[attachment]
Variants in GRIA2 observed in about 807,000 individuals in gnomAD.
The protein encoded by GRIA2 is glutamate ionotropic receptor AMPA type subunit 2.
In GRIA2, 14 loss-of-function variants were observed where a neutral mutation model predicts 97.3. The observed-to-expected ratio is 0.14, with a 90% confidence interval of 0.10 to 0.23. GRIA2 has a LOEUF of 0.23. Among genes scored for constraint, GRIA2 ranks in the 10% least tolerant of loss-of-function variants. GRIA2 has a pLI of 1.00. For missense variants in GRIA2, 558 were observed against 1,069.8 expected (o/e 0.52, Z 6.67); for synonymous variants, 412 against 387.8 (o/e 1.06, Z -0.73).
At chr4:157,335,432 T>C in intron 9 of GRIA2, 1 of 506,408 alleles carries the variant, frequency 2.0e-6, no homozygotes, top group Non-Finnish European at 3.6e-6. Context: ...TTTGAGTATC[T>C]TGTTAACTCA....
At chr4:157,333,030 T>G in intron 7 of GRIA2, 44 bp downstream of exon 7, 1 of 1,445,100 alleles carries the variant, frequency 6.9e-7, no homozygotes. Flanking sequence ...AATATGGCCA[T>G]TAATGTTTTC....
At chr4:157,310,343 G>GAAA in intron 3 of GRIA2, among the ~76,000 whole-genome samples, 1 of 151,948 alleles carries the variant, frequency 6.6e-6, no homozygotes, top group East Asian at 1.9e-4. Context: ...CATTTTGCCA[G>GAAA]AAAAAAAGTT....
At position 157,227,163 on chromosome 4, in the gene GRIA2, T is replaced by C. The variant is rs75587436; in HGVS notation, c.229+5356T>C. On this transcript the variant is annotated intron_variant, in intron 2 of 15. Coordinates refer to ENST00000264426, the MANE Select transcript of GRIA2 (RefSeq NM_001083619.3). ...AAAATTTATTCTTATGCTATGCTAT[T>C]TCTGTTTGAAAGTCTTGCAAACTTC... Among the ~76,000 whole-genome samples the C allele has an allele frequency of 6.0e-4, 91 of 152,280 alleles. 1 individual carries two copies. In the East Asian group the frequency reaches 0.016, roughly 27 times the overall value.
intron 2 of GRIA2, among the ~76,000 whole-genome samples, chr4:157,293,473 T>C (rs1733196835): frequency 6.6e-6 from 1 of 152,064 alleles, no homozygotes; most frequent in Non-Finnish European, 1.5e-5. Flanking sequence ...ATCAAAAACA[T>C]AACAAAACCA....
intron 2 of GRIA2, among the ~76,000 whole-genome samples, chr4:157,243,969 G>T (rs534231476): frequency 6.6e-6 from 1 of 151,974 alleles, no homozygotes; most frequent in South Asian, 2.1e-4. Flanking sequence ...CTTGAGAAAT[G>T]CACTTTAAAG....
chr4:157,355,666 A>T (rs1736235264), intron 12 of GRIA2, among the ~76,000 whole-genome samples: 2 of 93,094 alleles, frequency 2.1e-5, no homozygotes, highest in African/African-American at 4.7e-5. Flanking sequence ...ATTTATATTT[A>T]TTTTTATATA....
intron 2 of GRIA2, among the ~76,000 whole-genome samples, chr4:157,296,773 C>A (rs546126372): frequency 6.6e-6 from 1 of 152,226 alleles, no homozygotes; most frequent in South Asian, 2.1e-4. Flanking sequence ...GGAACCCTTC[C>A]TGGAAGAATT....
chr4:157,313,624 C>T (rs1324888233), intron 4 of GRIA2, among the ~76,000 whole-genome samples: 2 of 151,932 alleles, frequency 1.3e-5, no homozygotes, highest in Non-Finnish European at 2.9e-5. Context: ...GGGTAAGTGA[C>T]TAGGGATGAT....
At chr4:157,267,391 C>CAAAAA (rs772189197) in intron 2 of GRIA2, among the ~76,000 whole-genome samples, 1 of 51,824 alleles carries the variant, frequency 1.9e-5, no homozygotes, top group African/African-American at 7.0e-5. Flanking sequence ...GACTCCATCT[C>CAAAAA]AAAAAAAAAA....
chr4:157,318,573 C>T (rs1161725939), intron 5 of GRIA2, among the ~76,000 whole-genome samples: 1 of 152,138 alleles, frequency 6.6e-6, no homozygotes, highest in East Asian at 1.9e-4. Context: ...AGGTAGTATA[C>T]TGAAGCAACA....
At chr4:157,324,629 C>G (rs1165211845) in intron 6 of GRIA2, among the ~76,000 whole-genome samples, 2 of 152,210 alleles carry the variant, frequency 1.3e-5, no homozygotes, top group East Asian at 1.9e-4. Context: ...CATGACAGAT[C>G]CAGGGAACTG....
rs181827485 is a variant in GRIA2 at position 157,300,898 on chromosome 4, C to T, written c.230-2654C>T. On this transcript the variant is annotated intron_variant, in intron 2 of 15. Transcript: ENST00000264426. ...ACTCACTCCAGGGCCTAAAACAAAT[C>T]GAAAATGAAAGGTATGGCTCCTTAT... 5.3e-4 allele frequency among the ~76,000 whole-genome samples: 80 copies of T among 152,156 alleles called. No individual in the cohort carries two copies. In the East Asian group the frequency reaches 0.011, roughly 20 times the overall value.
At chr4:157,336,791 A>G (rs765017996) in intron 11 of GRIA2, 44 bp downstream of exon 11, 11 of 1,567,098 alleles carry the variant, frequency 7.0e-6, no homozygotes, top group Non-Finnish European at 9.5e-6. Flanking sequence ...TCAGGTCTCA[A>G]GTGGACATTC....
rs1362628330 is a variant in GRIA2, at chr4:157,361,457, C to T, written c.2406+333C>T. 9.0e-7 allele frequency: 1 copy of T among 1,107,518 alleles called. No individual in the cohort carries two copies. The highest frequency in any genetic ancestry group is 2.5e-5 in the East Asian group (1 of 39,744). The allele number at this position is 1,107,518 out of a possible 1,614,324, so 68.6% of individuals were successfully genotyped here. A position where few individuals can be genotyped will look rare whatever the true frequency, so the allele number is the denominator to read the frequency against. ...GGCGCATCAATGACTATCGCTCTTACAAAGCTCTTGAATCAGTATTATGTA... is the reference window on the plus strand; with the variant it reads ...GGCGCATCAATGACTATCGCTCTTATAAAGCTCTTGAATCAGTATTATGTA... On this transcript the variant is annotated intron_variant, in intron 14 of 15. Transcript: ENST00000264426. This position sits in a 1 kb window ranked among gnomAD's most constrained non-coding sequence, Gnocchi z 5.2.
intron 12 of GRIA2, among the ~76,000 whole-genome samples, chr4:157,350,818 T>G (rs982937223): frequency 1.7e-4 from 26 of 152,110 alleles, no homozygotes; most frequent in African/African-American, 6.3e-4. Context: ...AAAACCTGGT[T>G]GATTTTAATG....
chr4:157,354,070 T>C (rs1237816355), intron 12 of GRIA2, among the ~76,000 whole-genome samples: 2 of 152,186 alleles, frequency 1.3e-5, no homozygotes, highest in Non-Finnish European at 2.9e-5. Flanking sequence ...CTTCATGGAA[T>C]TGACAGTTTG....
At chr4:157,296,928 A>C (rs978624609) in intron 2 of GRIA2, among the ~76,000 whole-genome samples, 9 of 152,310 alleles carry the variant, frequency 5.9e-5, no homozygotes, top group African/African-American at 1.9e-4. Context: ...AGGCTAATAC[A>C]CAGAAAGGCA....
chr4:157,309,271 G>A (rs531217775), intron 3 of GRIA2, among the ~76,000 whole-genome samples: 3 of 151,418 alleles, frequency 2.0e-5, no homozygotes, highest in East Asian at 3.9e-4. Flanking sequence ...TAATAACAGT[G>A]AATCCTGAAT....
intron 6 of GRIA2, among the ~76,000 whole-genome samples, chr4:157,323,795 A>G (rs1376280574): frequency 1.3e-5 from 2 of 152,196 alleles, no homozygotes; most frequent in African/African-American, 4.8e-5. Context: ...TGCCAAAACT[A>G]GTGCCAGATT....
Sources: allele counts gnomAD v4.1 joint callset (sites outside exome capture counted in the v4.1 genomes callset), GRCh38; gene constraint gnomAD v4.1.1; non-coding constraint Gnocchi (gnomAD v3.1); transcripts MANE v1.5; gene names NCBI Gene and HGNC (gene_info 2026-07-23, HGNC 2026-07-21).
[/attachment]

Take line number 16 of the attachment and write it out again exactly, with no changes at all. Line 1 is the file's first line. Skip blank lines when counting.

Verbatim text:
rs181827485 is a variant in GRIA2 at position 157,300,898 on chromosome 4, C to T, written c.230-2654C>T. On this transcript the variant is annotated intron_variant, in intron 2 of 15. Transcript: ENST00000264426. ...ACTCACTCCAGGGCCTAAAACAAAT[C>T]GAAAATGAAAGGTATGGCTCCTTAT... 5.3e-4 allele frequency among the ~76,000 whole-genome samples: 80 copies of T among 152,156 alleles called. No individual in the cohort carries two copies. In the East Asian group the frequency reaches 0.011, roughly 20 times the overall value.